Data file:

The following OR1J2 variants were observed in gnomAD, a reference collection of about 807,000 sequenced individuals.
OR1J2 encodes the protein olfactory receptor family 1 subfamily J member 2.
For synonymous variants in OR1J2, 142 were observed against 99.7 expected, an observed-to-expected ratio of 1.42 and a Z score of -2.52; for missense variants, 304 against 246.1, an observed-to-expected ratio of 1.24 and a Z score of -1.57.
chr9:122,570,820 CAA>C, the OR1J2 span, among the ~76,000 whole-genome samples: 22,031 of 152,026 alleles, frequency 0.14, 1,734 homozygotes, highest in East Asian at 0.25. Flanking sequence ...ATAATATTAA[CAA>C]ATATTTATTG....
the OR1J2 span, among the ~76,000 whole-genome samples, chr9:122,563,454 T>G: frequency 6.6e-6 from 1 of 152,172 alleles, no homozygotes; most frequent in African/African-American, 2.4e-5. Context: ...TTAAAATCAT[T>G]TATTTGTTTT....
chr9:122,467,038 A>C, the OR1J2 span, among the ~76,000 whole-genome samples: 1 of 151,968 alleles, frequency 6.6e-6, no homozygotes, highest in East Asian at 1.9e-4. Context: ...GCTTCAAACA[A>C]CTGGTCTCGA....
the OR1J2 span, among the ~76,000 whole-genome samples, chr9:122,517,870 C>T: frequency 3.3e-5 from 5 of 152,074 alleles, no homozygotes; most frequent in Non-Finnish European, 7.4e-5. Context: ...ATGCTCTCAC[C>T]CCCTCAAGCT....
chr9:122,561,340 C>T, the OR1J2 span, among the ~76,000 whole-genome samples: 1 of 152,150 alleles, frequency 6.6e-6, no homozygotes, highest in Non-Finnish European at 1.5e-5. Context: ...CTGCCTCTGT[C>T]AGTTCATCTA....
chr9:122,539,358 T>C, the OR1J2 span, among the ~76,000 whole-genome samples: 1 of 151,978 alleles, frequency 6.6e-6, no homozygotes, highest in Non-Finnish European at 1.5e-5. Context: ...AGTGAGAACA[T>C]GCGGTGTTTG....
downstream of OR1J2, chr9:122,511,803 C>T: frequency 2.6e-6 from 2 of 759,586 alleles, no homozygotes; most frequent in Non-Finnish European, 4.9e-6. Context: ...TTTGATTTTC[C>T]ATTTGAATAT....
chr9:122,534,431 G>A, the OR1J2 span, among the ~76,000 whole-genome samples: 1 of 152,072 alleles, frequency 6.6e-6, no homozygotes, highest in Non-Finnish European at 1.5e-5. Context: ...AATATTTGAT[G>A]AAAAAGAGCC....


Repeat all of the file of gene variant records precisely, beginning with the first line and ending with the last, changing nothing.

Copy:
The following OR1J2 variants were observed in gnomAD, a reference collection of about 807,000 sequenced individuals.
OR1J2 encodes the protein olfactory receptor family 1 subfamily J member 2.
For synonymous variants in OR1J2, 142 were observed against 99.7 expected, an observed-to-expected ratio of 1.42 and a Z score of -2.52; for missense variants, 304 against 246.1, an observed-to-expected ratio of 1.24 and a Z score of -1.57.
chr9:122,570,820 CAA>C, the OR1J2 span, among the ~76,000 whole-genome samples: 22,031 of 152,026 alleles, frequency 0.14, 1,734 homozygotes, highest in East Asian at 0.25. Flanking sequence ...ATAATATTAA[CAA>C]ATATTTATTG....
the OR1J2 span, among the ~76,000 whole-genome samples, chr9:122,563,454 T>G: frequency 6.6e-6 from 1 of 152,172 alleles, no homozygotes; most frequent in African/African-American, 2.4e-5. Context: ...TTAAAATCAT[T>G]TATTTGTTTT....
chr9:122,467,038 A>C, the OR1J2 span, among the ~76,000 whole-genome samples: 1 of 151,968 alleles, frequency 6.6e-6, no homozygotes, highest in East Asian at 1.9e-4. Context: ...GCTTCAAACA[A>C]CTGGTCTCGA....
the OR1J2 span, among the ~76,000 whole-genome samples, chr9:122,517,870 C>T: frequency 3.3e-5 from 5 of 152,074 alleles, no homozygotes; most frequent in Non-Finnish European, 7.4e-5. Context: ...ATGCTCTCAC[C>T]CCCTCAAGCT....
chr9:122,561,340 C>T, the OR1J2 span, among the ~76,000 whole-genome samples: 1 of 152,150 alleles, frequency 6.6e-6, no homozygotes, highest in Non-Finnish European at 1.5e-5. Context: ...CTGCCTCTGT[C>T]AGTTCATCTA....
chr9:122,539,358 T>C, the OR1J2 span, among the ~76,000 whole-genome samples: 1 of 151,978 alleles, frequency 6.6e-6, no homozygotes, highest in Non-Finnish European at 1.5e-5. Context: ...AGTGAGAACA[T>C]GCGGTGTTTG....
downstream of OR1J2, chr9:122,511,803 C>T: frequency 2.6e-6 from 2 of 759,586 alleles, no homozygotes; most frequent in Non-Finnish European, 4.9e-6. Context: ...TTTGATTTTC[C>T]ATTTGAATAT....
chr9:122,534,431 G>A, the OR1J2 span, among the ~76,000 whole-genome samples: 1 of 152,072 alleles, frequency 6.6e-6, no homozygotes, highest in Non-Finnish European at 1.5e-5. Context: ...AATATTTGAT[G>A]AAAAAGAGCC....